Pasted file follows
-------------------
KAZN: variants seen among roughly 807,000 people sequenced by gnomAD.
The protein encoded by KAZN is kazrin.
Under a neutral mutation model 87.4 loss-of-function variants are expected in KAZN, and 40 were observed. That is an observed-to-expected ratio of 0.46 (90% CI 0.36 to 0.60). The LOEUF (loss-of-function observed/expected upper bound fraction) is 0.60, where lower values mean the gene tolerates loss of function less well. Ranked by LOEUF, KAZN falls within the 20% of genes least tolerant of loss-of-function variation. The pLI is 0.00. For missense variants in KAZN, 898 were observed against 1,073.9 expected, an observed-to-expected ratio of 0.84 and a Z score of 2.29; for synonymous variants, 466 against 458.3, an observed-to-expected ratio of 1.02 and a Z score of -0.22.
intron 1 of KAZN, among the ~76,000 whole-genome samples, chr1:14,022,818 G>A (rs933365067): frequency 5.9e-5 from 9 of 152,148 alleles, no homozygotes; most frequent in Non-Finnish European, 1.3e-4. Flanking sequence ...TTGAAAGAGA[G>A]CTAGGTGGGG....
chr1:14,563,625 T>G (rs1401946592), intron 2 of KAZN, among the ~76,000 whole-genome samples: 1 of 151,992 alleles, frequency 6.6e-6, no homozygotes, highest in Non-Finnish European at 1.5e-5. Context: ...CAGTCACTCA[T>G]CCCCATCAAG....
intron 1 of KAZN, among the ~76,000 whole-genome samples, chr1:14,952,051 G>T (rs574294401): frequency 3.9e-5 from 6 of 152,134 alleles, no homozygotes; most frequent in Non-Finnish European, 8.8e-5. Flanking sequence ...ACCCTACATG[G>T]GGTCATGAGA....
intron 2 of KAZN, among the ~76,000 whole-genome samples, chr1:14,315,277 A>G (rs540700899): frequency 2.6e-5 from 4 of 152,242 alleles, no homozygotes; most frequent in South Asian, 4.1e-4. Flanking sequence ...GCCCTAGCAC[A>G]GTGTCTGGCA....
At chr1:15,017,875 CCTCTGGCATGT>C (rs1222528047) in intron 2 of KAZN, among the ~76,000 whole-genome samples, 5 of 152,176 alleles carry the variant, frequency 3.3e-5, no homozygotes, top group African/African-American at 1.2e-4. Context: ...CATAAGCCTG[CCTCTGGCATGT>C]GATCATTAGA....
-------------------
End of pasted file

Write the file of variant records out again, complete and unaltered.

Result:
KAZN: variants seen among roughly 807,000 people sequenced by gnomAD.
The protein encoded by KAZN is kazrin.
Under a neutral mutation model 87.4 loss-of-function variants are expected in KAZN, and 40 were observed. That is an observed-to-expected ratio of 0.46 (90% CI 0.36 to 0.60). The LOEUF (loss-of-function observed/expected upper bound fraction) is 0.60, where lower values mean the gene tolerates loss of function less well. Ranked by LOEUF, KAZN falls within the 20% of genes least tolerant of loss-of-function variation. The pLI is 0.00. For missense variants in KAZN, 898 were observed against 1,073.9 expected, an observed-to-expected ratio of 0.84 and a Z score of 2.29; for synonymous variants, 466 against 458.3, an observed-to-expected ratio of 1.02 and a Z score of -0.22.
intron 1 of KAZN, among the ~76,000 whole-genome samples, chr1:14,022,818 G>A (rs933365067): frequency 5.9e-5 from 9 of 152,148 alleles, no homozygotes; most frequent in Non-Finnish European, 1.3e-4. Flanking sequence ...TTGAAAGAGA[G>A]CTAGGTGGGG....
chr1:14,563,625 T>G (rs1401946592), intron 2 of KAZN, among the ~76,000 whole-genome samples: 1 of 151,992 alleles, frequency 6.6e-6, no homozygotes, highest in Non-Finnish European at 1.5e-5. Context: ...CAGTCACTCA[T>G]CCCCATCAAG....
intron 1 of KAZN, among the ~76,000 whole-genome samples, chr1:14,952,051 G>T (rs574294401): frequency 3.9e-5 from 6 of 152,134 alleles, no homozygotes; most frequent in Non-Finnish European, 8.8e-5. Flanking sequence ...ACCCTACATG[G>T]GGTCATGAGA....
intron 2 of KAZN, among the ~76,000 whole-genome samples, chr1:14,315,277 A>G (rs540700899): frequency 2.6e-5 from 4 of 152,242 alleles, no homozygotes; most frequent in South Asian, 4.1e-4. Flanking sequence ...GCCCTAGCAC[A>G]GTGTCTGGCA....
At chr1:15,017,875 CCTCTGGCATGT>C (rs1222528047) in intron 2 of KAZN, among the ~76,000 whole-genome samples, 5 of 152,176 alleles carry the variant, frequency 3.3e-5, no homozygotes, top group African/African-American at 1.2e-4. Context: ...CATAAGCCTG[CCTCTGGCATGT>C]GATCATTAGA....